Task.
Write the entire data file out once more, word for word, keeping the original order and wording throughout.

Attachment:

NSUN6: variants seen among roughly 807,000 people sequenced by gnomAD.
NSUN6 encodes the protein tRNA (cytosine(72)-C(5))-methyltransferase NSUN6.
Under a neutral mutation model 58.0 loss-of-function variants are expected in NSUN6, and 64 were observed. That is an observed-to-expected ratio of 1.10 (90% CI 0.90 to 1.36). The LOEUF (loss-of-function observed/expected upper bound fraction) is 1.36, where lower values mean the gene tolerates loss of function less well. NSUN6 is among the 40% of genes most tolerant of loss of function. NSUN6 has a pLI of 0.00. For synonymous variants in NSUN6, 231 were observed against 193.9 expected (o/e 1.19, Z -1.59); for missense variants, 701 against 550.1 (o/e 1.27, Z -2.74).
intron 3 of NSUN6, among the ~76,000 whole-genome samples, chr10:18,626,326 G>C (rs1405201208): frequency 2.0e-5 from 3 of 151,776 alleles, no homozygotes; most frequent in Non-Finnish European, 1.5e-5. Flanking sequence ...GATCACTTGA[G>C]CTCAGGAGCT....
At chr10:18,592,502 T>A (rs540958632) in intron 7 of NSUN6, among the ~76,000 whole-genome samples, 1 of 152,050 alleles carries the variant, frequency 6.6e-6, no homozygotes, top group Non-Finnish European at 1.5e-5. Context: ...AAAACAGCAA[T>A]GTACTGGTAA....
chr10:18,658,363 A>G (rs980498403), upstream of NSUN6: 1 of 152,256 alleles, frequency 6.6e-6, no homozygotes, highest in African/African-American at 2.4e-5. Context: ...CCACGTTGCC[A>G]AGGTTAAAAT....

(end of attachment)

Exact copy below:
NSUN6: variants seen among roughly 807,000 people sequenced by gnomAD.
NSUN6 encodes the protein tRNA (cytosine(72)-C(5))-methyltransferase NSUN6.
Under a neutral mutation model 58.0 loss-of-function variants are expected in NSUN6, and 64 were observed. That is an observed-to-expected ratio of 1.10 (90% CI 0.90 to 1.36). The LOEUF (loss-of-function observed/expected upper bound fraction) is 1.36, where lower values mean the gene tolerates loss of function less well. NSUN6 is among the 40% of genes most tolerant of loss of function. NSUN6 has a pLI of 0.00. For synonymous variants in NSUN6, 231 were observed against 193.9 expected (o/e 1.19, Z -1.59); for missense variants, 701 against 550.1 (o/e 1.27, Z -2.74).
intron 3 of NSUN6, among the ~76,000 whole-genome samples, chr10:18,626,326 G>C (rs1405201208): frequency 2.0e-5 from 3 of 151,776 alleles, no homozygotes; most frequent in Non-Finnish European, 1.5e-5. Flanking sequence ...GATCACTTGA[G>C]CTCAGGAGCT....
At chr10:18,592,502 T>A (rs540958632) in intron 7 of NSUN6, among the ~76,000 whole-genome samples, 1 of 152,050 alleles carries the variant, frequency 6.6e-6, no homozygotes, top group Non-Finnish European at 1.5e-5. Context: ...AAAACAGCAA[T>A]GTACTGGTAA....
chr10:18,658,363 A>G (rs980498403), upstream of NSUN6: 1 of 152,256 alleles, frequency 6.6e-6, no homozygotes, highest in African/African-American at 2.4e-5. Context: ...CCACGTTGCC[A>G]AGGTTAAAAT....